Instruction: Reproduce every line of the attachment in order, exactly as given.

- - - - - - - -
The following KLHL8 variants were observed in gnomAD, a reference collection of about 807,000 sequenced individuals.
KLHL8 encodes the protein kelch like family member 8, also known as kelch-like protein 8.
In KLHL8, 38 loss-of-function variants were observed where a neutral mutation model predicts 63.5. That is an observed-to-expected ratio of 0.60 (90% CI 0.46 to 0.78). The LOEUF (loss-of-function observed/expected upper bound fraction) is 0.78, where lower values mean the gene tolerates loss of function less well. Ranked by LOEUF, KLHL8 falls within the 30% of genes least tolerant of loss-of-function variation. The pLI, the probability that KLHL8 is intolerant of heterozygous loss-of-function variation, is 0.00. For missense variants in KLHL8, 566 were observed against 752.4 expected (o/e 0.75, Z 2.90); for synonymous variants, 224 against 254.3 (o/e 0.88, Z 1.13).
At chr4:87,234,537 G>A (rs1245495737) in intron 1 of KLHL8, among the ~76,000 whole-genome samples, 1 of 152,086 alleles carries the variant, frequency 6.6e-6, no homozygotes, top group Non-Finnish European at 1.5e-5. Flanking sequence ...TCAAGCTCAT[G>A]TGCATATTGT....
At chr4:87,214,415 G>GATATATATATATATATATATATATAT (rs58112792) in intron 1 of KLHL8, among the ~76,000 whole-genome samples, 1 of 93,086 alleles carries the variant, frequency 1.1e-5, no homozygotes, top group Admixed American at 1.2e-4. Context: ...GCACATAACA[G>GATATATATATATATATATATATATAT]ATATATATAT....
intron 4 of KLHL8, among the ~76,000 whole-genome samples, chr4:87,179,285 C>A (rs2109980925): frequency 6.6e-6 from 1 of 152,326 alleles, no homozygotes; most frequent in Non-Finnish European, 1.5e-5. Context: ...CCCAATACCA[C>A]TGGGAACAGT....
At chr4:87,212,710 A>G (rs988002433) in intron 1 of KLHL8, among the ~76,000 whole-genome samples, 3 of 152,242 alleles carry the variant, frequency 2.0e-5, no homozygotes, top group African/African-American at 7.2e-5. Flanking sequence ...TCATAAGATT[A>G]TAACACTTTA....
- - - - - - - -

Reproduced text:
The following KLHL8 variants were observed in gnomAD, a reference collection of about 807,000 sequenced individuals.
KLHL8 encodes the protein kelch like family member 8, also known as kelch-like protein 8.
In KLHL8, 38 loss-of-function variants were observed where a neutral mutation model predicts 63.5. That is an observed-to-expected ratio of 0.60 (90% CI 0.46 to 0.78). The LOEUF (loss-of-function observed/expected upper bound fraction) is 0.78, where lower values mean the gene tolerates loss of function less well. Ranked by LOEUF, KLHL8 falls within the 30% of genes least tolerant of loss-of-function variation. The pLI, the probability that KLHL8 is intolerant of heterozygous loss-of-function variation, is 0.00. For missense variants in KLHL8, 566 were observed against 752.4 expected (o/e 0.75, Z 2.90); for synonymous variants, 224 against 254.3 (o/e 0.88, Z 1.13).
At chr4:87,234,537 G>A (rs1245495737) in intron 1 of KLHL8, among the ~76,000 whole-genome samples, 1 of 152,086 alleles carries the variant, frequency 6.6e-6, no homozygotes, top group Non-Finnish European at 1.5e-5. Flanking sequence ...TCAAGCTCAT[G>A]TGCATATTGT....
At chr4:87,214,415 G>GATATATATATATATATATATATATAT (rs58112792) in intron 1 of KLHL8, among the ~76,000 whole-genome samples, 1 of 93,086 alleles carries the variant, frequency 1.1e-5, no homozygotes, top group Admixed American at 1.2e-4. Context: ...GCACATAACA[G>GATATATATATATATATATATATATAT]ATATATATAT....
intron 4 of KLHL8, among the ~76,000 whole-genome samples, chr4:87,179,285 C>A (rs2109980925): frequency 6.6e-6 from 1 of 152,326 alleles, no homozygotes; most frequent in Non-Finnish European, 1.5e-5. Context: ...CCCAATACCA[C>A]TGGGAACAGT....
At chr4:87,212,710 A>G (rs988002433) in intron 1 of KLHL8, among the ~76,000 whole-genome samples, 3 of 152,242 alleles carry the variant, frequency 2.0e-5, no homozygotes, top group African/African-American at 7.2e-5. Flanking sequence ...TCATAAGATT[A>G]TAACACTTTA....